Swedish Foreign Minister Ann Linde has pushed back against Turkish President Recep Tayyip Erdoğan’s claims that Stockholm is soft on the Kurdistan Workers’ Party (PKK) militant group, saying her country recognized the PKK as a terrorist organization in 1984.
Designated as a terrorist group by Turkey, the EU and the US, the PKK has been waging an insurgency against the Turkish state since 1984 that has claimed tens of thousands of lives.
Erdoğan is holding up Sweden and Finland’s accession bid to join NATO, claiming that the two Nordic countries are lenient on the PKK and that they support the People’s Protection Units (YPG), which Turkey sees as the PKK’s offshoot in Syria.
Due to the vastly spread #disinformation about 🇸🇪 and PKK, we would like to recall that the 🇸🇪 Government of Olof Palme was first after 🇹🇷 to list PKK as a terrorist organization, already in 1984. EU followed suit 2002, when Anna Lindh was 🇸🇪 FM. This position remains unchanged.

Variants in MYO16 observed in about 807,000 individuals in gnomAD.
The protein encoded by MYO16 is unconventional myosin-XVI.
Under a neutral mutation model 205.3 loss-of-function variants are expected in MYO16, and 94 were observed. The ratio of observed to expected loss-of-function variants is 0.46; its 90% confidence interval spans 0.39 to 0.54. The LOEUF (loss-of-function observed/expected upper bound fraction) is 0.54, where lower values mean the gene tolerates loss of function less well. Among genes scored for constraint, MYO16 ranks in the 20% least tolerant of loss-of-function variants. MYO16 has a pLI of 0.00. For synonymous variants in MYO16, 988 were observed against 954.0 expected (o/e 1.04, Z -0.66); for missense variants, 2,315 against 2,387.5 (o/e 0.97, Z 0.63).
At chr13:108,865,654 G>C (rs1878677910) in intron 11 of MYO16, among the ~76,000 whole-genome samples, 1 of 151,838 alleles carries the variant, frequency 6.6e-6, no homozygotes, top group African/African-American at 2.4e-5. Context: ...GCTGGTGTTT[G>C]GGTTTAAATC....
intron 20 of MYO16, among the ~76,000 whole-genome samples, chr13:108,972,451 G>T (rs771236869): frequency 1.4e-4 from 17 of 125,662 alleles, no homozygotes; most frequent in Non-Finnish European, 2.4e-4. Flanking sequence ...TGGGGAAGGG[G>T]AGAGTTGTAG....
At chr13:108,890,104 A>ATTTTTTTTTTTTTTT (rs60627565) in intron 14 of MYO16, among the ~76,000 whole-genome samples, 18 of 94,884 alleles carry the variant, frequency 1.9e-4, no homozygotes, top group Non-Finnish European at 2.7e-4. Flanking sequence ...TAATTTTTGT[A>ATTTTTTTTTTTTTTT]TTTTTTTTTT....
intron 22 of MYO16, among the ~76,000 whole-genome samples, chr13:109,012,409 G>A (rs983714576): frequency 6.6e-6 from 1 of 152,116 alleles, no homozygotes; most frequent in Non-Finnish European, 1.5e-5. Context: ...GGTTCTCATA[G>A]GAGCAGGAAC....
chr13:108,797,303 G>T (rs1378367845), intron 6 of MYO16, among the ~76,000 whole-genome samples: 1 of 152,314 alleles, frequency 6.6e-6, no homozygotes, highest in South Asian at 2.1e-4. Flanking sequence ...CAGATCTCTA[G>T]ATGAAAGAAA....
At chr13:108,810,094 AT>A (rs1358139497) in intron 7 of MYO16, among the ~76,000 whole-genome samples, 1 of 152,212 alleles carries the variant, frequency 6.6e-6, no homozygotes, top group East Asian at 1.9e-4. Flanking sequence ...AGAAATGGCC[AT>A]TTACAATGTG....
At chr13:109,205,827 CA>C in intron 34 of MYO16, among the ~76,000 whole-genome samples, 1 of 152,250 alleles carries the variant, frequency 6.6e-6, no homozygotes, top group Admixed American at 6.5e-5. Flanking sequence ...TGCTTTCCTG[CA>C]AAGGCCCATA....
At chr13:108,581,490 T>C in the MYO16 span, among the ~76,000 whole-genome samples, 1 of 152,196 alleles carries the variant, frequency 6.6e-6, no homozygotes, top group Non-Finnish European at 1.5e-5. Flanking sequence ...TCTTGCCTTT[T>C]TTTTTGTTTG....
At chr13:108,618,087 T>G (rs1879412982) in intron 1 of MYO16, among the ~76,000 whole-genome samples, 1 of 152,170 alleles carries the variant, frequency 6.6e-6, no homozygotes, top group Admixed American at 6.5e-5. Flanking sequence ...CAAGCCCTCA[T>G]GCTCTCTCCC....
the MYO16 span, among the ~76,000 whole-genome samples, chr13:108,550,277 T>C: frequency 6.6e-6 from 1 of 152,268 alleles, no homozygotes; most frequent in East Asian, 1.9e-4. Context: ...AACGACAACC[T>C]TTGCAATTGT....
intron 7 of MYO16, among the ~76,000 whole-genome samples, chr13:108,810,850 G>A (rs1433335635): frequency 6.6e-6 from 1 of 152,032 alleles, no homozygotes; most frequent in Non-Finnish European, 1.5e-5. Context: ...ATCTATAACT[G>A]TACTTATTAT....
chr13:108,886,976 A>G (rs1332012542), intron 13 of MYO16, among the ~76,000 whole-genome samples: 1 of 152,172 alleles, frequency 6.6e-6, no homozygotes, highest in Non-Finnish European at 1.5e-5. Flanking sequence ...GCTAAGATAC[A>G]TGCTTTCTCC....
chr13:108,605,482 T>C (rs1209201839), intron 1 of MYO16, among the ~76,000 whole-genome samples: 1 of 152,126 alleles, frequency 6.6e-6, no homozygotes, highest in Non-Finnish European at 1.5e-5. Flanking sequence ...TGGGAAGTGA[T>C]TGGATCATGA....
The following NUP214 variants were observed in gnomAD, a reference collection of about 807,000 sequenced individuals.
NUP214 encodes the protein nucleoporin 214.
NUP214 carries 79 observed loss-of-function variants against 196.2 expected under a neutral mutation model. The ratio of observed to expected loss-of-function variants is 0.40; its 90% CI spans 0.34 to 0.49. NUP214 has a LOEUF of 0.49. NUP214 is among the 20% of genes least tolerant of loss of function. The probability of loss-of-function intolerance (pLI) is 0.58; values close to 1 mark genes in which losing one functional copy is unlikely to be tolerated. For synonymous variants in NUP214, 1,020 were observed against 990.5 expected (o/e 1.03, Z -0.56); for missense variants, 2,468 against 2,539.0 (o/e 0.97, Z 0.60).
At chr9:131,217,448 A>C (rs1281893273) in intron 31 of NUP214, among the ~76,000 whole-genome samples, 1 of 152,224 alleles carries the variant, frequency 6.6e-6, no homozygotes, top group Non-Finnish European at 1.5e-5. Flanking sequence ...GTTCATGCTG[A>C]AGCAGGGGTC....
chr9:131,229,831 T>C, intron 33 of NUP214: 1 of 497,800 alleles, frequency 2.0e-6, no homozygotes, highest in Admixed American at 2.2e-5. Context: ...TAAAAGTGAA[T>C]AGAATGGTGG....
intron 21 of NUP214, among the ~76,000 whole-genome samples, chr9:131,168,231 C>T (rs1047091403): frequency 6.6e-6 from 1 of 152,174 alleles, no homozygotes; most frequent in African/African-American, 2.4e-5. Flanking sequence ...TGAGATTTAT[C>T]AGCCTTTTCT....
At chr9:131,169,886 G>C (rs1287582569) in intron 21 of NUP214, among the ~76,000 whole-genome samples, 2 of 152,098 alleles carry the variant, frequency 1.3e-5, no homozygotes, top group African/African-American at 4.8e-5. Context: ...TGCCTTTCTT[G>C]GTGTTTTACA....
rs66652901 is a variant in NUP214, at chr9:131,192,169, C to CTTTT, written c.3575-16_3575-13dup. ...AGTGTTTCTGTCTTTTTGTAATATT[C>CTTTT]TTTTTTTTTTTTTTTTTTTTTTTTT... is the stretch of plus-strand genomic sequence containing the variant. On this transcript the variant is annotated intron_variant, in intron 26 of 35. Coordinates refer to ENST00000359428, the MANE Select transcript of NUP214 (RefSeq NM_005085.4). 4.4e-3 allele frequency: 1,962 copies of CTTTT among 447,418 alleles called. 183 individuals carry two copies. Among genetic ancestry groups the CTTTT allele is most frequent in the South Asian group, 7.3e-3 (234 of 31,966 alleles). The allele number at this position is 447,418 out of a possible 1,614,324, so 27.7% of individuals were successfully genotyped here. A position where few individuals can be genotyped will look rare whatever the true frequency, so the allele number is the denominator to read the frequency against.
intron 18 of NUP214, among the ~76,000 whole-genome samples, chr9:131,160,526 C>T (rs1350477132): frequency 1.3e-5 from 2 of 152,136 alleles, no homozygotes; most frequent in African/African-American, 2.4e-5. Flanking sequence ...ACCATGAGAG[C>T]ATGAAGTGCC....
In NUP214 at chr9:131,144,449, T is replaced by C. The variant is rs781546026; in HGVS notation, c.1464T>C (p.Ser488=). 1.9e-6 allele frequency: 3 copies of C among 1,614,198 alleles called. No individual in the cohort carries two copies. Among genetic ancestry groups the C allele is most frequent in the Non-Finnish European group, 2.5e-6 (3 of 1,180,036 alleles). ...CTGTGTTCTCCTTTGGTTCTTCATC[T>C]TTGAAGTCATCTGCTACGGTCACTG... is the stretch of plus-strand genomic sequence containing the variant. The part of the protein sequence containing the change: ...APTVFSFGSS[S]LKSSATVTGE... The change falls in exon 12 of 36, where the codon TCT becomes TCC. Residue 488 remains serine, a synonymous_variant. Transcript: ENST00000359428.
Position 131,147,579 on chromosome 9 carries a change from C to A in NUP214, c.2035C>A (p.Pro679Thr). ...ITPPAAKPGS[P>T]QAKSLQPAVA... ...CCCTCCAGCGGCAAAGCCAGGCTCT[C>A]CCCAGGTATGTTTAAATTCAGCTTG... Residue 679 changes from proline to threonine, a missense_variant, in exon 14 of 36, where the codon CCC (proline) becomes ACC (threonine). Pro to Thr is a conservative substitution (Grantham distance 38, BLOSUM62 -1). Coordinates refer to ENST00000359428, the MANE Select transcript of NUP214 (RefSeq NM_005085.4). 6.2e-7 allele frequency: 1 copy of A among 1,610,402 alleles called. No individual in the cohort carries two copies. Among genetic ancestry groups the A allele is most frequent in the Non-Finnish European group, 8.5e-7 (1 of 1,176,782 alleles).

— Ann Linde (@AnnLinde) May 20, 2022
“Due to the vastly spread disinformation about Sweden and PKK, we would like to recall that the Swedish Government of Olof Palme was first after Turkey to list PKK as a terrorist organization, already in 1984,” Linde tweeted, noting that the EU followed suit in 2002.
Sweden’s position, the minister said, “remains unchanged.”
Erdoğan this week had said that Turkey had requested the extradition of 30 “terrorists” from Sweden but that it was turned down by Stockholm.
On Friday he said that if NATO was sensitive to Turkey’s concerns, it should not extend membership to the two countries.
Many observers have indicated that Turkey’s objections might be part of Erdoğan’s aims to gain concessions from the United States.
NATO Secretary-General Jens Stoltenberg insisted on Thursday that consensus could still be found on Stockholm and Helsinki’s membership bids.
“I am confident that we will come to a quick decision to welcome both Sweden and Finland to join the NATO family,” he said.